One of my favorite quotes about the capital markets comes from Fischer Black, the financial mastermind who helped invent the Black-Scholes option-pricing model. Black, who had been a Professor at MIT, situated on the Charles River in Cambridge, left the world of academia to work for Goldman Sachs, which sits near the Hudson River in Manhattan. After experiencing finance from both the academic and practitioner viewpoints, Black commented, “Markets look a lot less efficient from the banks of the Hudson than from the banks of the Charles.”

I bring this up because last week I was involved in the East Coast IDEAS Conference in Boston at which most of the presenting companies were small capitalization firms. My background is primarily in large capitalization firms, so the conference was an opportunity to see the other end of the spectrum and learn a few things. The most surprising thing I learned as a result of speaking to company managements was how difficult it is for good small cap companies to get noticed by investors. It seems that finding a good match between underfollowed companies and investors can be a daunting challenge.

Part of this can be ascribed to much less sell side coverage available to small cap stocks. The name of the game with sell side coverage is commission flow, and small cap stocks have a lot less of it than larger cap stocks do. Without the distribution of information available from the sell side sales force, small cap companies are forced to try and bring themselves to the attention of investors through their own efforts. Similarly, investors have a hard time finding the good companies through all of the “ground clutter” on their radar screens. Add to this the fact that many smaller companies do not have full time investor relations officers, relying instead upon their CFOs to speak to investors and you have a combination of factors that can lead to companies just not finding the right investors. The result is that the markets seem a lot less efficient in the small cap space.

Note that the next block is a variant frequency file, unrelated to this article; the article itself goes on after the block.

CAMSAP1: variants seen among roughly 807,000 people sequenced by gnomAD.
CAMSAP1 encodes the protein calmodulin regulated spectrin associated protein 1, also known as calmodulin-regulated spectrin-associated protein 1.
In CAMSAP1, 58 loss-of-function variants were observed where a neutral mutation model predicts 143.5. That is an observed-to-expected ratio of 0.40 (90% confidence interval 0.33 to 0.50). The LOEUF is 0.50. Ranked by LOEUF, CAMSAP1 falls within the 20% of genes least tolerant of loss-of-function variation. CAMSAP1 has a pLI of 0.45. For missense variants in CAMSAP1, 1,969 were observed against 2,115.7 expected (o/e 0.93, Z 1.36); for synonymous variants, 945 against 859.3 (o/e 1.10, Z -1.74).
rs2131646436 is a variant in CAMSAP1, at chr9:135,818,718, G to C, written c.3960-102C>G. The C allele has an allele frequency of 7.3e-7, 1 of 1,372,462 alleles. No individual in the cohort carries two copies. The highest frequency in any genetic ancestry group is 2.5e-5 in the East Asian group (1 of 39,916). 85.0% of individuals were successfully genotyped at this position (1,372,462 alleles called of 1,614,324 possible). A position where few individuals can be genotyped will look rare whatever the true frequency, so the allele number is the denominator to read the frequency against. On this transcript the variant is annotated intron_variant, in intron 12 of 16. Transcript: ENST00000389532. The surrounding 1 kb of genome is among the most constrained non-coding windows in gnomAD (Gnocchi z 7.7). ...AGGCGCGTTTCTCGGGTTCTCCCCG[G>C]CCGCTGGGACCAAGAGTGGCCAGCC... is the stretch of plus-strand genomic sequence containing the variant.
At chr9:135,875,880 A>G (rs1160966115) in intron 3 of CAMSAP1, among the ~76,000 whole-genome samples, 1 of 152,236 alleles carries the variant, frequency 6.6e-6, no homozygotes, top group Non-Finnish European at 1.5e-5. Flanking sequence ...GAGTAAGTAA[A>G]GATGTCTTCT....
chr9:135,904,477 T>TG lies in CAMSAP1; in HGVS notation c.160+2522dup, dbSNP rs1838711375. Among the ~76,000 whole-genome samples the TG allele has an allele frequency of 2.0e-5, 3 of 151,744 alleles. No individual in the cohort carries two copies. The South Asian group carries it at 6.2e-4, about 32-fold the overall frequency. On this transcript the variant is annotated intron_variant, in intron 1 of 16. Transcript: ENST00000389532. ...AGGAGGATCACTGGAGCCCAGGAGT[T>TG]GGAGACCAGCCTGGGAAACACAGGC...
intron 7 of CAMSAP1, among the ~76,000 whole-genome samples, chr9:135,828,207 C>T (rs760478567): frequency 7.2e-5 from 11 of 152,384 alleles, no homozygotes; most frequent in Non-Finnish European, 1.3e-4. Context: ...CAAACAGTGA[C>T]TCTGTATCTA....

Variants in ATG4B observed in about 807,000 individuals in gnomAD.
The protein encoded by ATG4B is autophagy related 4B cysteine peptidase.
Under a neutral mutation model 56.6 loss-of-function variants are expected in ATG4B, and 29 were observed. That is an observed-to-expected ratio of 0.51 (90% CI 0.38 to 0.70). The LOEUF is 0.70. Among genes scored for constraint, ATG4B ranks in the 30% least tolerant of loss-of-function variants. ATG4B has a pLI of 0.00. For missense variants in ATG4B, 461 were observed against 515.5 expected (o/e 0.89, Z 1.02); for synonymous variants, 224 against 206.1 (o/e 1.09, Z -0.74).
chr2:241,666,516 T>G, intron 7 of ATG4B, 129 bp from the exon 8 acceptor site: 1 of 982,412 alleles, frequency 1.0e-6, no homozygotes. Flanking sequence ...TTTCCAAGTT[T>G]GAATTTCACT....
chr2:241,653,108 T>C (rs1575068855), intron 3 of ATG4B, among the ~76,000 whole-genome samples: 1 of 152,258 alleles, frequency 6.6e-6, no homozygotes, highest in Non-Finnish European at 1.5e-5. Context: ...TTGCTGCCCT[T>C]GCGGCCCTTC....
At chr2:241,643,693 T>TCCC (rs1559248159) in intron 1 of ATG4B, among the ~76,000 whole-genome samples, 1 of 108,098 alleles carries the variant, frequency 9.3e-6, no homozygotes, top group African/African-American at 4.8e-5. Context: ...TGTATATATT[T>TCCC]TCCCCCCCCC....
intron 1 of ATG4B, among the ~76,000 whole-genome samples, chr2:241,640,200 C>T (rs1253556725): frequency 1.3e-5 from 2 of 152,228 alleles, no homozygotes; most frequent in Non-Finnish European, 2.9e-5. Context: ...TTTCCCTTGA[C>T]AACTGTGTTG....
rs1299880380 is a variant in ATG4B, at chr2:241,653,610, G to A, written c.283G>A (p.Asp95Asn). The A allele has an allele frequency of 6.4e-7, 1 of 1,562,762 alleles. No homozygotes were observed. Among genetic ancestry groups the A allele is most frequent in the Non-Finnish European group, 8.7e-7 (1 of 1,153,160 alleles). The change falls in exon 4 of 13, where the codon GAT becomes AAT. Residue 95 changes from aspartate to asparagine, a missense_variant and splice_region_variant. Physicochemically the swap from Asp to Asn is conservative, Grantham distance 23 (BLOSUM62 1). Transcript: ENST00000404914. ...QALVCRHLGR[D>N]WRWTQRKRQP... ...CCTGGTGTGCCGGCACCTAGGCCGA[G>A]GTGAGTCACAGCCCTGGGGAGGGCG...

In theory, (from the banks of the Charles) the efficient market theory would say that as long as your company information is public, investors will find you and properly value your firm. So filing required reports with the SEC and having a web site should be sufficient. In reality (from the banks of the Hudson) this rarely seems to be the case for small cap stocks. What is required of smaller companies is what I refer to as “retail institutional marketing”. They have got to go out and actively bring themselves to the attention of potential investors because they are competing with so many other small cap companies for attention and investment dollars. And it seems as though those investors are not easy to find.

There is a solution for this, and that is for investor relations firms with knowledge of the capital markets for small cap companies to bring companies and investors together. One way to think of this is that IR consulting firms step into the role of the sell side sales force in terms of their knowledge of what investors may be interested in, introducing their client companies to interested investors. The difference is in the method of payment. The sell side is paid for via commissions from the buy side, whereas IR firms are paid by the company. When done correctly, a good IR firm can add to the efficiency of the markets by helping to match the right investors to the right companies, helping them achieve better liquidity and proper valuations

(Full and fair disclosure: The author consults for Three Part Advisors, an investor relations consulting firm and a sponsor of the East Coast IDEAS Conference.)